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7 - The Dispute Renewed (1193–1200)

Published online by Cambridge University Press:  09 May 2024

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Summary

The start of Hubert's archiepiscopate was a peaceful period for the Canterbury monks. With no further mention of the planned church at Lambeth and the community left to tend to their own affairs, it appeared as though the archbishop did not plan to pursue his predecessor's dream. Yet Hubert had the same problem as Baldwin: how to provide for the clerks of his household. This was the same problem bishops at other sees were facing. Hugh of Coventry solved this by expelling the cathedral monks and installing canons (albeit temporarily). The bishops of Bath, rather than reforming their cathedral chapters, tried to gain control of Glastonbury abbey, thereby increasing their income. At Canterbury, a collegiate church was still a sensible answer, being less contentious than evicting the cathedral monks or trying to take over another local monastery. As Baldwin's friend and executor of his will, Hubert had a personal interest in seeing the plan fulfilled. The reason Lambeth was not mentioned immediately after his election was that Hubert was busy dealing with the problems arising from Richard's imprisonment and ransom. Only once these had been settled could he revive Baldwin's plan.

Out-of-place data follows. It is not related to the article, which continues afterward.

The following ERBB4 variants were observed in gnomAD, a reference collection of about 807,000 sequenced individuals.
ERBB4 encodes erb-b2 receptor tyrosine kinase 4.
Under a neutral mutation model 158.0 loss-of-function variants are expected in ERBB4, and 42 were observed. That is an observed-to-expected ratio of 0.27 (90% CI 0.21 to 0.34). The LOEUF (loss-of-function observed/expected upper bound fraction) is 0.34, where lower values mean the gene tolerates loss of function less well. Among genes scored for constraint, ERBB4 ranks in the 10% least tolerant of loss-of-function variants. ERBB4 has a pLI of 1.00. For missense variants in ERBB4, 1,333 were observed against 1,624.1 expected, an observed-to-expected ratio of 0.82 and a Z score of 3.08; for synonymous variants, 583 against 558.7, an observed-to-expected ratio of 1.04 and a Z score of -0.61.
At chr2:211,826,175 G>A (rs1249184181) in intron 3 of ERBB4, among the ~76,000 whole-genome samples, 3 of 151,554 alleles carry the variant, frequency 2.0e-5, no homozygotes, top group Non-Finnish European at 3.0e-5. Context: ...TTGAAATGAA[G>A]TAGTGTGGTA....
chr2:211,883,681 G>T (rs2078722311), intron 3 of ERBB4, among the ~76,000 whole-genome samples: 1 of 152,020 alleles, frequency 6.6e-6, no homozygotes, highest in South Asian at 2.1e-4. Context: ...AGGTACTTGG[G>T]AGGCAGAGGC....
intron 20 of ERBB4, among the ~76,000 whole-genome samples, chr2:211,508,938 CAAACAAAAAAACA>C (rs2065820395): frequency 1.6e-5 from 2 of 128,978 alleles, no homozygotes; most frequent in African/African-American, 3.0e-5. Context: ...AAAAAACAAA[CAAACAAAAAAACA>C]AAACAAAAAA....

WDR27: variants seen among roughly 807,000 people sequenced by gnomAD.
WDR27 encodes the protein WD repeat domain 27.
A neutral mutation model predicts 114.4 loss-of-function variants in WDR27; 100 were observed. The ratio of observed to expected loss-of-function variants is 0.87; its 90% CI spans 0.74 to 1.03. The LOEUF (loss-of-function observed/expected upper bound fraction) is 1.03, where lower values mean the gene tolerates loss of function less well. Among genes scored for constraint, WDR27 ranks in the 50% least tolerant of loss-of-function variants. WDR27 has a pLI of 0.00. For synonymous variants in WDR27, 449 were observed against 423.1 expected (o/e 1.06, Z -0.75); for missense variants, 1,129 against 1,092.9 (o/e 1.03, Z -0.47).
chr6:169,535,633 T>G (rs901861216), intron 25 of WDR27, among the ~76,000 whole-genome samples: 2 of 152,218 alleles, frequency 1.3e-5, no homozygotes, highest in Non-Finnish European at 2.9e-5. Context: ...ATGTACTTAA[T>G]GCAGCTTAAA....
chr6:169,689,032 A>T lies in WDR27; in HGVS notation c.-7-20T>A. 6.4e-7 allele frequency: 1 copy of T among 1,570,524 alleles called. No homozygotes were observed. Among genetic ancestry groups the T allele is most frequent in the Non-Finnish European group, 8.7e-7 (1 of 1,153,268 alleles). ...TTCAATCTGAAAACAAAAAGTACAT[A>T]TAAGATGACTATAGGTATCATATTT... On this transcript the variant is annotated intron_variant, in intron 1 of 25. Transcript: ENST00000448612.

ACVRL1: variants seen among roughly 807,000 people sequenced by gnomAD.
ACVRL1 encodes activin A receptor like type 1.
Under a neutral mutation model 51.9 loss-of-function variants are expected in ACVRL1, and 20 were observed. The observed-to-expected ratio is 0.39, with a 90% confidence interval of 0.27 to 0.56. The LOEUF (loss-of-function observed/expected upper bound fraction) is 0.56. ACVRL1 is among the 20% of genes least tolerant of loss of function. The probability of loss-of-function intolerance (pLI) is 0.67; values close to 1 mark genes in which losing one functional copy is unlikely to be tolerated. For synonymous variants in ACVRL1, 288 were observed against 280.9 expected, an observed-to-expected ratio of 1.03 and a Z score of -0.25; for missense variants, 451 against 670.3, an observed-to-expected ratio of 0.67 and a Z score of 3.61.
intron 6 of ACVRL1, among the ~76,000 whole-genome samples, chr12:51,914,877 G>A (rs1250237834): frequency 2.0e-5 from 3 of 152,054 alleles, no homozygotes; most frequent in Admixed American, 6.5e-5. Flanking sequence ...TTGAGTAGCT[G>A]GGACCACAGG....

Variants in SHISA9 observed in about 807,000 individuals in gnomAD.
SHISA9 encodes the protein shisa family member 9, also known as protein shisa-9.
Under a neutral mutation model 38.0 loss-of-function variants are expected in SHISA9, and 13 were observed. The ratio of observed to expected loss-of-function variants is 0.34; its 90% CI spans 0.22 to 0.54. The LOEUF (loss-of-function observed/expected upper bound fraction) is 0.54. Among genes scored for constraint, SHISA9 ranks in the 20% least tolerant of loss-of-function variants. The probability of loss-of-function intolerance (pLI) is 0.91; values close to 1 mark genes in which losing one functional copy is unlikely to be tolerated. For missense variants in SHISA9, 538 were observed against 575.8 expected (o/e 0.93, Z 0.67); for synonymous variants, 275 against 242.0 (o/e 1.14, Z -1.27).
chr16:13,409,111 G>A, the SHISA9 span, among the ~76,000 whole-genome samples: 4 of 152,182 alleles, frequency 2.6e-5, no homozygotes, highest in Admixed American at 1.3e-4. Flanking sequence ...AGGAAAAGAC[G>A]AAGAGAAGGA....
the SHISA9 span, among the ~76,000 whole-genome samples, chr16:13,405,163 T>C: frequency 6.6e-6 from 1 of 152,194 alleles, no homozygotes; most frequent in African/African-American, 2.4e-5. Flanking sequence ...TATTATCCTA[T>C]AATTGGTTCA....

Lambeth Revived

In 1196, the Lambeth proposal was renewed. Knowing that the monks would still oppose him, Hubert decided to begin by offering a compromise. He suggested that the chapel be built at Maidstone on the conventual estates, thereby giving the monks significant control over the foundation. Like Lambeth, Maidstone was within a day's journey of London, making it a convenient site from which the archbishop's business could be conducted. Hubert had also received permission, in 1195, to hold a weekly market and an annual fair at Maidstone, which might have brought added profits for the foundation were it based there. The monks, however, protested against such a plan. After listening to the monks recount the long history of the conflict, Hubert declared that, while sorry to go against the wishes of the church which had elected him as its head, he could not leave the proposed work unfinished. In April 1196, the king confirmed the exchange between the archbishop and the monks of Rochester, by which Lambeth was obtained in return for the manor of Dartford, the chapel of Helles in Darenth, and property in the vill of Cliffe (Kent).

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Religious Conflict at Canterbury Cathedral in the Late Twelfth Century
The Dispute between the Monks and the Archbishops, 1184-1200
, pp. 153 - 176
Publisher: Boydell & Brewer
Print publication year: 2024

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